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Situational Leadership Model
The Situational leadership model is one of the most commonly used leadership styles which was introduced by Kenneth Blanchard and Paul Hersey in the ‘60s. The model states that leaders should utilize different leadership styles according to the situation they are in. Factors such as the competence and attitude of personnel can greatly affect how a person leads. The model also underlines that given the vast difference in competence and attitude of individuals, leaders should expect to vary their leadership styles accordingly.
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The situational leadership model of Blanchard and Hersey cites four behaviors of a leader. One, a leader should instruct and direct ‘followers’ who are inexperienced yet committed. Leaders should be the ones to assign tasks and roles to subordinates and closely supervise them. Likewise, leaders should sell ideas and coach their subordinates especially relatively inexperienced and unconfident staff members. As leaders they need still need to assign tasks but have the option of getting ideas and suggestions from their subordinates.
The situational leadership model also notes that leaders should be able to participate in the decision-making and support their followers, especially those who are experienced but lacking in commitment and motivation. Leaders should know when to motivate their skilled personnel in order to achieve specific goals. Finally, the model requires leaders to delegate tasks to skilled followers with little supervision.
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The said roles of a leader are also influenced by four quadrants indicating the qualities of the followers or subordinates.
- First is the low competent but highly committed follower who lacks specific skills but is motivated enough to handle assignments, and requires a telling or directing leader.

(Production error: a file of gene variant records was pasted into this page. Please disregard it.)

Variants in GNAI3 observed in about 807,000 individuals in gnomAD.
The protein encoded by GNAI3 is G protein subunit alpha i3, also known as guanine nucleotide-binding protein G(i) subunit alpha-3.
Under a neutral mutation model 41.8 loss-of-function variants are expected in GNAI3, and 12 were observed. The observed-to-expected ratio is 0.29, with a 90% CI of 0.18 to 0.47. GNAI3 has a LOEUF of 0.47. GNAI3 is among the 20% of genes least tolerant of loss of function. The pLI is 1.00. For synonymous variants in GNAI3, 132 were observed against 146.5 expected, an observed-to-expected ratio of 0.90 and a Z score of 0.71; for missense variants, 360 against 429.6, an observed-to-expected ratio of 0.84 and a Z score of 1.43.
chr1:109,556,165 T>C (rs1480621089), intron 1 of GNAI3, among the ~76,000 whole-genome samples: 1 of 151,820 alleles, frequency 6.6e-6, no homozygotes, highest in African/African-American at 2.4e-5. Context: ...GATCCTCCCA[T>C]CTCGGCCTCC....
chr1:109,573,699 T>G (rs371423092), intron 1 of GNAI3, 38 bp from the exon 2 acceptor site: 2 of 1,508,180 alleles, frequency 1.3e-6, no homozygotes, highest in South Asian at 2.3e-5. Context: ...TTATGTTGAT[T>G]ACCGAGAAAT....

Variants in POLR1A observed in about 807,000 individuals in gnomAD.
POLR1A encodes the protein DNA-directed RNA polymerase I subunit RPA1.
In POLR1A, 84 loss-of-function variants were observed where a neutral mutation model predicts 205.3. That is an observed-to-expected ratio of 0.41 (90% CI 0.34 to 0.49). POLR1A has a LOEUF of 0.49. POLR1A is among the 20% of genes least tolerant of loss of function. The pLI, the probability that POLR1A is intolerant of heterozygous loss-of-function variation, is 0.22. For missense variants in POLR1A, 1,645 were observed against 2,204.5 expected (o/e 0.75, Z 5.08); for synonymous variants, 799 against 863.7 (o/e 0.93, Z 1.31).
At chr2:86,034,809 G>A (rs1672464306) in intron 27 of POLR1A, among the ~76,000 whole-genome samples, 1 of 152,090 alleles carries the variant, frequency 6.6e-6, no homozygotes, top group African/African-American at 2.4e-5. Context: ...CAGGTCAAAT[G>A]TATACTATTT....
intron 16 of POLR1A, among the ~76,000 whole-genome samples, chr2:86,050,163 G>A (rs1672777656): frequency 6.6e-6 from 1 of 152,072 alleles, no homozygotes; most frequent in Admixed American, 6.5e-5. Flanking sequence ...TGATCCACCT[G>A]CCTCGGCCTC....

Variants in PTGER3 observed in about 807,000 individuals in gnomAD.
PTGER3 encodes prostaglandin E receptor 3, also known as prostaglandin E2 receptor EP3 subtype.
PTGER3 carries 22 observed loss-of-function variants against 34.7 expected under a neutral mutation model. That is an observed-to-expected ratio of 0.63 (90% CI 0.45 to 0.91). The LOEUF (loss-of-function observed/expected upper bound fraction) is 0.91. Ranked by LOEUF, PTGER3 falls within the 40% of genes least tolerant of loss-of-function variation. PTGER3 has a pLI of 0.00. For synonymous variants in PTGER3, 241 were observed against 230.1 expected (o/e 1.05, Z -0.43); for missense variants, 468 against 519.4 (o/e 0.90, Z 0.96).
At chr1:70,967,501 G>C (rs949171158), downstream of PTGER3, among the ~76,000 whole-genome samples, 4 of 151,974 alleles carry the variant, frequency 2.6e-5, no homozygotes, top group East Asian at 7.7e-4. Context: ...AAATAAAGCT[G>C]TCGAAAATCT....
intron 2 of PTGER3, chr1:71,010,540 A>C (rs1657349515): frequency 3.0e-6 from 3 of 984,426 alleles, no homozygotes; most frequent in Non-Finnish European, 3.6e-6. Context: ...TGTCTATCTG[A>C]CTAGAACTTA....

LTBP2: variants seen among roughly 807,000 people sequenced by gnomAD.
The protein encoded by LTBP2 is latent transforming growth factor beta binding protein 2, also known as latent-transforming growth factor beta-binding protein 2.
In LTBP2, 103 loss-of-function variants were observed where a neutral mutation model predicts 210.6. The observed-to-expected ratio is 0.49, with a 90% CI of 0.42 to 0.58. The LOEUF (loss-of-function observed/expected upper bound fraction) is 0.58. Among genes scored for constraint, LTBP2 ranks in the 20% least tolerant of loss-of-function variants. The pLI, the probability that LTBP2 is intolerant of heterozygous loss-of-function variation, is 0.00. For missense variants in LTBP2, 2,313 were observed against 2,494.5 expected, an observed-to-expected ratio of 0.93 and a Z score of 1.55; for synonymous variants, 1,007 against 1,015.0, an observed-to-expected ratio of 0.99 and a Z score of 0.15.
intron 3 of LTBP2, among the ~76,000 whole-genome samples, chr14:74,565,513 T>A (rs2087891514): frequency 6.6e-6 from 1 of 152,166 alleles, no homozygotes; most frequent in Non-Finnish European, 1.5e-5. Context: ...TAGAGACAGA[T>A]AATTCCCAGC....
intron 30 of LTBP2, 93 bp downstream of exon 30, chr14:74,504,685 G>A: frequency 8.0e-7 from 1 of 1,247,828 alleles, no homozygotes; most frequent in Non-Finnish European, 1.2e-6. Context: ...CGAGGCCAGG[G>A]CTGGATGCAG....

- The second is the low competent and low committed follower who requires the leaders to assign tasks but also get suggestions or ideas.
- The third is the highly competent but unconfident follower who requires a leader who is participative and supportive.
- The fourth is the highly competent and highly committed follower who is administered by a delegating leader.
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In the situational leadership model, leaders should follow steps in order to come up with the right leadership style appropriate for their subordinates. Leaders need to assess the skills and attitude of a subordinate and determine the ability of the employee in taking a specific task. From here, the leader can decide which leadership style is most appropriate. He or she can be a delegating leader; an instructing leader, a coaching leader or a participative leader. The leader can then discuss the situation with his or her subordinate, make a plan and then follow up and monitor the delegated tasks.
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Pros and Cons
The situational leadership model has gotten a lot of positive feedback given its strengths, particularly the ease in understanding the concept and the ease in using it. The simple concepts it uses makes the model very easy to explain to leaders, supervisors and subordinates. On the other hand, critics suggest that there are certain limitations of the model such as its failure in setting the boundary between management and leadership, as well as its too much focus on the role of the leader.
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"Situational Leadership." Careers, Finance and Investing : Money-zine.com. http://www.money-zine.com/Career-Development/Leadership-Skill/Situational-Leadership/ (accessed August 15, 2010).
"Situational leadership theory." Dictionaries and Encyclopedias on 'Academic'. http://en.academic.ru/dic.nsf/enwiki/346974 (accessed August 15, 2010).
Photo Courtesy of Morguefile.com / by mconnors